(Note: This is a guest post from Jesse Senko of the Blue Ocean Institute. It originally appeared on the BOI Blog here.)
On the Pacific coast of Mexico, all five species of sea turtles (green, hawksbill, loggerhead, olive ridley and leatherback) have declined over the past century due to illegal poaching and incidental capture in fishing nets. One of the most heavily impacted areas has been the Bahia Magdalena region, where endangered sea turtle populations remain low despite progressive conservation measures that include complete legal protection for sea turtles and their major nesting beaches.
In order to evaluate alternative sea turtle conservation strategies that rely on increased participation of local residents, a team of researchers led by (SEE Turtles co-founder) Dr. Wallace J. Nichols and myself interviewed 136 people from seven coastal fishing communities in the Bahia Magdalena region. “If we want to save sea turtles we need to find novel ways to include local residents in conservation efforts, and basically that comes down to finding out how a live sea turtle can become worth more than a dead one, be that financially, emotionally, or intrinsically…but most likely some type of combination”, said Senko, the study’s lead author. “The human-sea turtle relationship is wonderfully complex. No surprise, so are the ways to restore sea turtles. Restoring what’s broken in nature requires biodiversity, economic and cultural diversity, but also emotional diversity”, noted Nichols, a marine biologist who also founded the grassroots sea turtle conservation organization Grupo Tortuguero.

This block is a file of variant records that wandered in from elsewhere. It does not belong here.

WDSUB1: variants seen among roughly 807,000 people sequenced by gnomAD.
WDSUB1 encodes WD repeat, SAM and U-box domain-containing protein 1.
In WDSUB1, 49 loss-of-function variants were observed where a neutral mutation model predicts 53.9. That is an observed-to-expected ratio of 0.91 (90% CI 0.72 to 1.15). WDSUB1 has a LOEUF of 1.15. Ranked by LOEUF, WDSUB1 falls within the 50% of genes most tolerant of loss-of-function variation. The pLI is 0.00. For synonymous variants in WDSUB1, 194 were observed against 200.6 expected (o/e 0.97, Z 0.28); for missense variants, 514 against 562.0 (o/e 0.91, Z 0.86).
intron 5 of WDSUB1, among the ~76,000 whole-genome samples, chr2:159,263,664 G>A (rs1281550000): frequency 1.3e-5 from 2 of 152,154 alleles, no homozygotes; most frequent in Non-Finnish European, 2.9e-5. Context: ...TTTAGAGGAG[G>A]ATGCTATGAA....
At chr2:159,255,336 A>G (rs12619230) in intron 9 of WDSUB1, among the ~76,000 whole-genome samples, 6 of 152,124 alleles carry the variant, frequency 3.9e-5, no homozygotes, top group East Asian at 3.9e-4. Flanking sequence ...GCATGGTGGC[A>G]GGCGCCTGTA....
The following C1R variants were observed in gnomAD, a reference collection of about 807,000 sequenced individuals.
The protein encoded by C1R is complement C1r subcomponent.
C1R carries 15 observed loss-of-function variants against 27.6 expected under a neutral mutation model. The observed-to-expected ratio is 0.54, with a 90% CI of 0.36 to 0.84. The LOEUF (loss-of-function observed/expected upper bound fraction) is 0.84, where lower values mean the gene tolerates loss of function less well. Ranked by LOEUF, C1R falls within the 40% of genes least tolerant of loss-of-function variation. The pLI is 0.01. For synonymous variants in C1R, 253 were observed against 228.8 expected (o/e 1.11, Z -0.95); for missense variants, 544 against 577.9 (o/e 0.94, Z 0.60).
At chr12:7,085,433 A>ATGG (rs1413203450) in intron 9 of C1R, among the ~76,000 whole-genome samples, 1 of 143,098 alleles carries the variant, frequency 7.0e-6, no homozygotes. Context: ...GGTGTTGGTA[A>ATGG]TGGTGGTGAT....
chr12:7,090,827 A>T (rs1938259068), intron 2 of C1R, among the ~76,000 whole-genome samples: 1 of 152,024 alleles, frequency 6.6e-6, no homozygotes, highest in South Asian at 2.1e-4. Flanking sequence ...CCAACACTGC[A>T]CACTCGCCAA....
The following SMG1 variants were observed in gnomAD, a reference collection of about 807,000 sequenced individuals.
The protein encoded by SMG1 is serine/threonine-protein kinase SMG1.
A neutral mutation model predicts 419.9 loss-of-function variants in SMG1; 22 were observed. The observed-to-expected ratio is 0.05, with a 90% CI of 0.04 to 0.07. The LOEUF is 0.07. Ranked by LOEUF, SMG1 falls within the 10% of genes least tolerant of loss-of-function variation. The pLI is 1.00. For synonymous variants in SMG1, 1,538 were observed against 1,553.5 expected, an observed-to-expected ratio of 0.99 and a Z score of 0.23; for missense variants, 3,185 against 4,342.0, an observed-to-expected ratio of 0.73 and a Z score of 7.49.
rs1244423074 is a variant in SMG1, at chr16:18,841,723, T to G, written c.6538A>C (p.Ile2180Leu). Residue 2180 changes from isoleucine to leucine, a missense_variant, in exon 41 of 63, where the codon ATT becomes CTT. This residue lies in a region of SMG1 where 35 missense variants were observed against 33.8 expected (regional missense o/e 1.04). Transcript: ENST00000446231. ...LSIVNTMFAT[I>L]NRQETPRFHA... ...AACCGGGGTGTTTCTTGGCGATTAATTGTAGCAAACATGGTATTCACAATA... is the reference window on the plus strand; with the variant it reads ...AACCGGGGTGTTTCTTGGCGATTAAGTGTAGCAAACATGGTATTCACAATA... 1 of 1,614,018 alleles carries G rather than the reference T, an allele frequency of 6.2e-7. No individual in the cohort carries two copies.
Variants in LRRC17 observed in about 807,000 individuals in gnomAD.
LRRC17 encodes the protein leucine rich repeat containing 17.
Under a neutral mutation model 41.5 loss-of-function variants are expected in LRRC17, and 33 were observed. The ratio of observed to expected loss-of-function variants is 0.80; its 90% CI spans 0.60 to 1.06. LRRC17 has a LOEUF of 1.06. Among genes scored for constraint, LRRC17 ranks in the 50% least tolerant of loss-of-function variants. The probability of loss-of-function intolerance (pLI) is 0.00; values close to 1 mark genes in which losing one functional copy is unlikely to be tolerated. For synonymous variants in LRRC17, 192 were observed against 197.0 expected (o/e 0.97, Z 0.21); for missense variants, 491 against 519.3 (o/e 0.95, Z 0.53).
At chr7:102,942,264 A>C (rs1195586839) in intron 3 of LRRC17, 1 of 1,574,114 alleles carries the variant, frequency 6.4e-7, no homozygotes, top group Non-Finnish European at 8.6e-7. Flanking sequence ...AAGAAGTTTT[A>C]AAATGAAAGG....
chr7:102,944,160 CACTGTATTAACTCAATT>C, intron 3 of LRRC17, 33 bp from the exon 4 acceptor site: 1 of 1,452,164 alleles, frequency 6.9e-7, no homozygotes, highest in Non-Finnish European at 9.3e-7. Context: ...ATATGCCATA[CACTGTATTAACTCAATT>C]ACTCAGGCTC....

The researchers found that although residents were overwhelmingly interested in participating in sea turtle conservation, peer pressure and conflict within their community often presented challenges. “It can be difficult to fully embrace sea turtle conservation when some of your friends, family, and community members may still be eating, hunting, or even selling these animals on black market circuits, especially if you are not directly benefiting from the conservation efforts in some capacity”, added Senko.
The development of sea turtle ecotourism may help protect sea turtles and provide additional revenue for fishers who previously hunted them or accidentally captured them in their fishing nets. When asked about the prospects of sea turtle ecotourism, most residents indicated that this would have a positive impact on their community. Economic incentives and increased protection for sea turtles were mentioned as benefits of sea turtle ecotourism, whereas peer pressure, difficulty obtaining permits and producing effective marketing materials, and doubts about direct economic benefits were cited as constraints. Whale watching guides were especially interested in developing sea turtle ecotourism programs, in large part because they already possess the necessary equipment (e.g. boats, GPS devices) and knowledge of sea turtle life history, movements, and abundance. “Researchers have relied on turtle hunters, fishers, and local whale watching guides to find and study sea turtles since I first arrived in Baja as a doctoral student in the early 1990s. Sea turtle research and conservation in Baja has been all about artful collaboration and mutual benefits from day one”, said Nichols.